The Larger the Set and Scope of Icons, the More Diversity They Should Have
Although icons within one set should have a close conformity, you can bend and even break the rules when it comes to large sets of images. This website, seen above, is an excellent example that deals with the same-dimensionality issue, as they decided to embrace the different dimensionalities of its icons. The differences aren’t jarring because the two types are separated, making them into related icon systems that work well together without looking exactly alike.
On top of these small changes, the site diverges even more in the other icons you encounter, with some that have larger and more intricate shapes, and others that replicate the 3D effect, but in an entirely different style. However, these all still work well together because they preserve a few common elements, and they’re presented in instances that are separated enough to not overwhelm the viewer.
Icons Should Harmonize With the Rest of Your Site Design
Of course, there is an endless number of methods you can use to make your icons work with your other design elements. But on a basic level, the two most effective ways to go about it are:
- Icons as a point of contrast against the rest of the site: This approach is particularly effective if the icons are navigational, like these social media links (seen above), because the contrast calls a lot of attention to them.
- Styling icons so they’re integrated with and similar to other design elements: This is a good option for images that are more about providing visual respite and clarity, and don’t need the extra emphasis that navigation elements might, as seen above.
How Do You Make Icons Conceptually Effective?
It’s important that icons play the right role in directing attention and adding to the aesthetic of a design, but it’s equally important that they are also logical and consistent in terms of the concepts that they communicate.
Icons Need to Be Easily Understood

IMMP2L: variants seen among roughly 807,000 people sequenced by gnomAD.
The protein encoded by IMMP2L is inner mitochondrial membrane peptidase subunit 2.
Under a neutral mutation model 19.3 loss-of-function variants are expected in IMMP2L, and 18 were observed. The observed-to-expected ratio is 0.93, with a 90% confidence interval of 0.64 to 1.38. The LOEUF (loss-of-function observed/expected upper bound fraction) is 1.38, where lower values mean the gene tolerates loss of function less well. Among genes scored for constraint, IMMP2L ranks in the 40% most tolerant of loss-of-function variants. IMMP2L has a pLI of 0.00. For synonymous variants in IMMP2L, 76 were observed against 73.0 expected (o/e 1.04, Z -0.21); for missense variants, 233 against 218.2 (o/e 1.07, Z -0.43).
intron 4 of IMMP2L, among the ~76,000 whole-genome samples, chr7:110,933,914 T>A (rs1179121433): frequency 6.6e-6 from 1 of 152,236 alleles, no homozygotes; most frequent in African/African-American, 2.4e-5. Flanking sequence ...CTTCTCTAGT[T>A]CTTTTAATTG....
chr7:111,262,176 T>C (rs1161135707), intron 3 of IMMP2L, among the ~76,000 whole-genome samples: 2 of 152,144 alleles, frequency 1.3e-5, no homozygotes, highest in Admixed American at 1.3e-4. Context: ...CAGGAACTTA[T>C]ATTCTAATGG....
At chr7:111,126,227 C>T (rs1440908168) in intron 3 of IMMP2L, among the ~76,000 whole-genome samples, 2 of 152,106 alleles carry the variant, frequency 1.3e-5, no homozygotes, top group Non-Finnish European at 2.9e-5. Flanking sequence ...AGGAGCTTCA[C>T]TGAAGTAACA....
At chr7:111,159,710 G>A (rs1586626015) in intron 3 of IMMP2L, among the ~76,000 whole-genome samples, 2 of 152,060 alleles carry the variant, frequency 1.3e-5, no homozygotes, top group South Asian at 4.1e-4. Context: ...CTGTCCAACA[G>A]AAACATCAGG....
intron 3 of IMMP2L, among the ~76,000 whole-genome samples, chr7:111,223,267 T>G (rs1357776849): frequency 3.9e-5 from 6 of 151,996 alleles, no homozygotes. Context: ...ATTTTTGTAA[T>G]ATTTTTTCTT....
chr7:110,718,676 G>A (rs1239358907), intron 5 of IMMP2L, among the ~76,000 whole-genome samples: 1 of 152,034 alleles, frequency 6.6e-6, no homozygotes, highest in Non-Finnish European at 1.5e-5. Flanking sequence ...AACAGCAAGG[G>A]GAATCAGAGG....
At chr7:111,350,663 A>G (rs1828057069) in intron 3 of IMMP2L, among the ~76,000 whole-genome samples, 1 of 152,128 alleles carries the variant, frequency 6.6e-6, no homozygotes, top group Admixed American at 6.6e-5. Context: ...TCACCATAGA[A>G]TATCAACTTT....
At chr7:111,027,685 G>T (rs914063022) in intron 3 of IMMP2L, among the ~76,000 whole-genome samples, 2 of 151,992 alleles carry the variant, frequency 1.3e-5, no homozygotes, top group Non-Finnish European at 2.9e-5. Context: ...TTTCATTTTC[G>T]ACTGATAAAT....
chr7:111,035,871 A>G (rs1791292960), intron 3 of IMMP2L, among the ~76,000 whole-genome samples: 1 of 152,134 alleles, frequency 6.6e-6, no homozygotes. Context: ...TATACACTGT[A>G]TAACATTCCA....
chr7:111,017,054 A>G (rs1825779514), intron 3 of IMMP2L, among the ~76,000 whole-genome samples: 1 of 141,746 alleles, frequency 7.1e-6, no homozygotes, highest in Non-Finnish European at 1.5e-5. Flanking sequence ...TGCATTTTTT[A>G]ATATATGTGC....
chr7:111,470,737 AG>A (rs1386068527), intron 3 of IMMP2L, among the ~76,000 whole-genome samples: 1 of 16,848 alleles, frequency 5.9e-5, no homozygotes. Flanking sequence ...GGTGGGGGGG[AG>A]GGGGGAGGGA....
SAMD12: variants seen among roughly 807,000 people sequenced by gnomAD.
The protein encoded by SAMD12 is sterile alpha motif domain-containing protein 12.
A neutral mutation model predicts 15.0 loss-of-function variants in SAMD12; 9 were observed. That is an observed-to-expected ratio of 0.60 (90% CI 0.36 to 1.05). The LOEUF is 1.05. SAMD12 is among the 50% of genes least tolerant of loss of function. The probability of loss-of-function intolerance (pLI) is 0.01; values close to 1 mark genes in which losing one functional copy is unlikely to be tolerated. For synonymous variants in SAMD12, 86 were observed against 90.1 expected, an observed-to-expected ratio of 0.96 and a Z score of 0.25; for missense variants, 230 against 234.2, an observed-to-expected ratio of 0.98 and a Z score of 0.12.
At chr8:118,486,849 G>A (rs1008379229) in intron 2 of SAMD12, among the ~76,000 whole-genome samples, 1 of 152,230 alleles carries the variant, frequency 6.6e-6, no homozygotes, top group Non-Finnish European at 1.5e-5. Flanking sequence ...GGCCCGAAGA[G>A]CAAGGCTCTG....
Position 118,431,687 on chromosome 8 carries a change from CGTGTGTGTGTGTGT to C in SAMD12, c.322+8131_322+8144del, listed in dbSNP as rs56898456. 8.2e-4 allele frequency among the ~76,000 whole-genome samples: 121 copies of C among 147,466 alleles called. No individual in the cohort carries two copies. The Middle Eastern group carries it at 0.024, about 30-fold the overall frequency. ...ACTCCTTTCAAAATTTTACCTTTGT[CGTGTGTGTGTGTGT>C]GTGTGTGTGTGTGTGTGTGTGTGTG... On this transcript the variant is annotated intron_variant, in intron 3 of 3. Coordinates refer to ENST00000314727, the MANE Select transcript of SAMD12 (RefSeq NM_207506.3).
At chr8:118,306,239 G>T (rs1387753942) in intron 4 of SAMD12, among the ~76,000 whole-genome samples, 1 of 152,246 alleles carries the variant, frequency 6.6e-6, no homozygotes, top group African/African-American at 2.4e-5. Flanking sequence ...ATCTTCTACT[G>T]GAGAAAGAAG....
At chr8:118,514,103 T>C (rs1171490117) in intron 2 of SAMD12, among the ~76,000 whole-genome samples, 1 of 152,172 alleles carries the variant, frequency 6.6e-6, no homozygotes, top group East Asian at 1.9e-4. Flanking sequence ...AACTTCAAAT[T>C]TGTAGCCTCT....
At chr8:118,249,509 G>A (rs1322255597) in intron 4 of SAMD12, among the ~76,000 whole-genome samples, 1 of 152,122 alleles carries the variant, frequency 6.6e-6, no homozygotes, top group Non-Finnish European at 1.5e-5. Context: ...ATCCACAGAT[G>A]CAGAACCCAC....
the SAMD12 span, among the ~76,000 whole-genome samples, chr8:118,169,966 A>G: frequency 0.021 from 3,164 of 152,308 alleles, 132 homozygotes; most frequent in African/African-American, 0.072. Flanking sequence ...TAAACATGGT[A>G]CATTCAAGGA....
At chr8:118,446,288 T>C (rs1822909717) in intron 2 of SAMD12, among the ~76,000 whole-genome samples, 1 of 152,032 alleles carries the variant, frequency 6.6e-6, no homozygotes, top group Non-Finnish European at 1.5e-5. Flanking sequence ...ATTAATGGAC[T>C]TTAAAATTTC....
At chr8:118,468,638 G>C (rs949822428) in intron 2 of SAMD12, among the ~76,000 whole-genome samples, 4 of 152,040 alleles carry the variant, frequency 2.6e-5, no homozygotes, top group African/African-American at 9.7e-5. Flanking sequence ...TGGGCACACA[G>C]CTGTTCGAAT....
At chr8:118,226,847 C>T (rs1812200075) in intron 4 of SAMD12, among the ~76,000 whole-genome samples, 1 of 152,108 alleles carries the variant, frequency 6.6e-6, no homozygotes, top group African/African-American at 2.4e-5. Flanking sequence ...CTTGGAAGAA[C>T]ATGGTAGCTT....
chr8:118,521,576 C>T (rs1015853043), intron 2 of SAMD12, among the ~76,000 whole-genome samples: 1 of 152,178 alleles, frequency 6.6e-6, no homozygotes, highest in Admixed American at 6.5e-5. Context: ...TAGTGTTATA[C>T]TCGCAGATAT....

On the one hand, imagery can be difficult because interpretations are never absolute. But on the other, they’re far more manageable than words, because if they’re clear enough they can transcend language. The simple directives in which web design abounds are the perfect vehicle for universal communication, as seen above.
But sometimes designers try to put more complicated concepts into iconography, and the effect is confusing rather than clarifying, as seen above. In these circumstances, it’s good to take a step back and really try to distill the content down to its basic essence. If you can’t, that means an icon isn’t the right solution for that content. One of the best resources for finding clever iconography that pushes the boundaries of pictorial communication is infographic design, where the goal is often to make an icon out of every piece of information possible.
As web design grows and matures exponentially, so does icon design. Concepts that were once impossible to depict through iconography are rapidly becoming standardized, and being added to the web designer’s communication tools. With this push towards universality, it’s a safe prediction that icons will become an even more important part of design than they are already. And keeping these essential methods of use in mind, you’ll be able to take them on with all the artistry and clarity that’s needed to create beautiful, functional, and effective designs for any project.